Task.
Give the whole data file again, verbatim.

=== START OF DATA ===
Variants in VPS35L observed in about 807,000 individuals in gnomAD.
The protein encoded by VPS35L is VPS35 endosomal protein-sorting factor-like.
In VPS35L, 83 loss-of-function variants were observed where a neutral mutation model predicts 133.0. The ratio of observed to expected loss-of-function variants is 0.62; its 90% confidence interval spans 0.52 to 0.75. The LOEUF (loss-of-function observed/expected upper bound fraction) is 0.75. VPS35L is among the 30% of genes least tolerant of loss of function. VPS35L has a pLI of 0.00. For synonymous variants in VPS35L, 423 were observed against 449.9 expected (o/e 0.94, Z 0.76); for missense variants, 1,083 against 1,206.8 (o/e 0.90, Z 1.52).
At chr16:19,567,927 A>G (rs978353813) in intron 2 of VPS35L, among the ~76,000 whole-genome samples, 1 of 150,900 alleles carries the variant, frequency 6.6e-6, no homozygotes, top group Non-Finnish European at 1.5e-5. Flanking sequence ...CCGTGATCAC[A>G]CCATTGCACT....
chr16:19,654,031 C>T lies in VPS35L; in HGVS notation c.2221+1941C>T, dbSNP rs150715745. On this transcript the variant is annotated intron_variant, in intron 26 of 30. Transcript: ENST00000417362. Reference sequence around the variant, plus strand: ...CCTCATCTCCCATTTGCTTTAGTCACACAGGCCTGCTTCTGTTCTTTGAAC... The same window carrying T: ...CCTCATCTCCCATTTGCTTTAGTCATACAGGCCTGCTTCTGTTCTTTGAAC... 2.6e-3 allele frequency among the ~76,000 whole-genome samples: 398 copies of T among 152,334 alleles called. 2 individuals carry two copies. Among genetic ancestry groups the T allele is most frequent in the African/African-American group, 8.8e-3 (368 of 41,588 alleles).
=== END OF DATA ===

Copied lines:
Variants in VPS35L observed in about 807,000 individuals in gnomAD.
The protein encoded by VPS35L is VPS35 endosomal protein-sorting factor-like.
In VPS35L, 83 loss-of-function variants were observed where a neutral mutation model predicts 133.0. The ratio of observed to expected loss-of-function variants is 0.62; its 90% confidence interval spans 0.52 to 0.75. The LOEUF (loss-of-function observed/expected upper bound fraction) is 0.75. VPS35L is among the 30% of genes least tolerant of loss of function. VPS35L has a pLI of 0.00. For synonymous variants in VPS35L, 423 were observed against 449.9 expected (o/e 0.94, Z 0.76); for missense variants, 1,083 against 1,206.8 (o/e 0.90, Z 1.52).
At chr16:19,567,927 A>G (rs978353813) in intron 2 of VPS35L, among the ~76,000 whole-genome samples, 1 of 150,900 alleles carries the variant, frequency 6.6e-6, no homozygotes, top group Non-Finnish European at 1.5e-5. Flanking sequence ...CCGTGATCAC[A>G]CCATTGCACT....
chr16:19,654,031 C>T lies in VPS35L; in HGVS notation c.2221+1941C>T, dbSNP rs150715745. On this transcript the variant is annotated intron_variant, in intron 26 of 30. Transcript: ENST00000417362. Reference sequence around the variant, plus strand: ...CCTCATCTCCCATTTGCTTTAGTCACACAGGCCTGCTTCTGTTCTTTGAAC... The same window carrying T: ...CCTCATCTCCCATTTGCTTTAGTCATACAGGCCTGCTTCTGTTCTTTGAAC... 2.6e-3 allele frequency among the ~76,000 whole-genome samples: 398 copies of T among 152,334 alleles called. 2 individuals carry two copies. Among genetic ancestry groups the T allele is most frequent in the African/African-American group, 8.8e-3 (368 of 41,588 alleles).